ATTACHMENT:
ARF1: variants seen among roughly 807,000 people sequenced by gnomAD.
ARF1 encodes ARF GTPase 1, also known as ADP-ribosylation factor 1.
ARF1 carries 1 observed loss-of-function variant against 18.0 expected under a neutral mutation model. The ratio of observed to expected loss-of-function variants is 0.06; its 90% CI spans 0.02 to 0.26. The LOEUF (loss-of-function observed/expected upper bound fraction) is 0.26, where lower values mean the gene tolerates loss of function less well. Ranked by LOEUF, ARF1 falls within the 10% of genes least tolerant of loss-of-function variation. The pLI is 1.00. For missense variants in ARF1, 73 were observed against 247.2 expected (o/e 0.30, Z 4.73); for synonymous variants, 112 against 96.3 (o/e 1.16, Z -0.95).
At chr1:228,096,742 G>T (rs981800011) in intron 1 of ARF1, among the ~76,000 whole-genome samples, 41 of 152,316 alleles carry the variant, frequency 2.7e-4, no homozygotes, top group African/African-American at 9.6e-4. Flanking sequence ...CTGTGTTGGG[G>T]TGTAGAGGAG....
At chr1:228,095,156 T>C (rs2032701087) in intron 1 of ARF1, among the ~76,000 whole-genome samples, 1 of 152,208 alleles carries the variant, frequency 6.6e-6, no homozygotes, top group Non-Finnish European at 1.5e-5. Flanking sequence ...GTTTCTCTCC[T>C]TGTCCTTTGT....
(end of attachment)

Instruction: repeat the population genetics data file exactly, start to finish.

ARF1: variants seen among roughly 807,000 people sequenced by gnomAD.
ARF1 encodes ARF GTPase 1, also known as ADP-ribosylation factor 1.
ARF1 carries 1 observed loss-of-function variant against 18.0 expected under a neutral mutation model. The ratio of observed to expected loss-of-function variants is 0.06; its 90% CI spans 0.02 to 0.26. The LOEUF (loss-of-function observed/expected upper bound fraction) is 0.26, where lower values mean the gene tolerates loss of function less well. Ranked by LOEUF, ARF1 falls within the 10% of genes least tolerant of loss-of-function variation. The pLI is 1.00. For missense variants in ARF1, 73 were observed against 247.2 expected (o/e 0.30, Z 4.73); for synonymous variants, 112 against 96.3 (o/e 1.16, Z -0.95).
At chr1:228,096,742 G>T (rs981800011) in intron 1 of ARF1, among the ~76,000 whole-genome samples, 41 of 152,316 alleles carry the variant, frequency 2.7e-4, no homozygotes, top group African/African-American at 9.6e-4. Flanking sequence ...CTGTGTTGGG[G>T]TGTAGAGGAG....
At chr1:228,095,156 T>C (rs2032701087) in intron 1 of ARF1, among the ~76,000 whole-genome samples, 1 of 152,208 alleles carries the variant, frequency 6.6e-6, no homozygotes, top group Non-Finnish European at 1.5e-5. Flanking sequence ...GTTTCTCTCC[T>C]TGTCCTTTGT....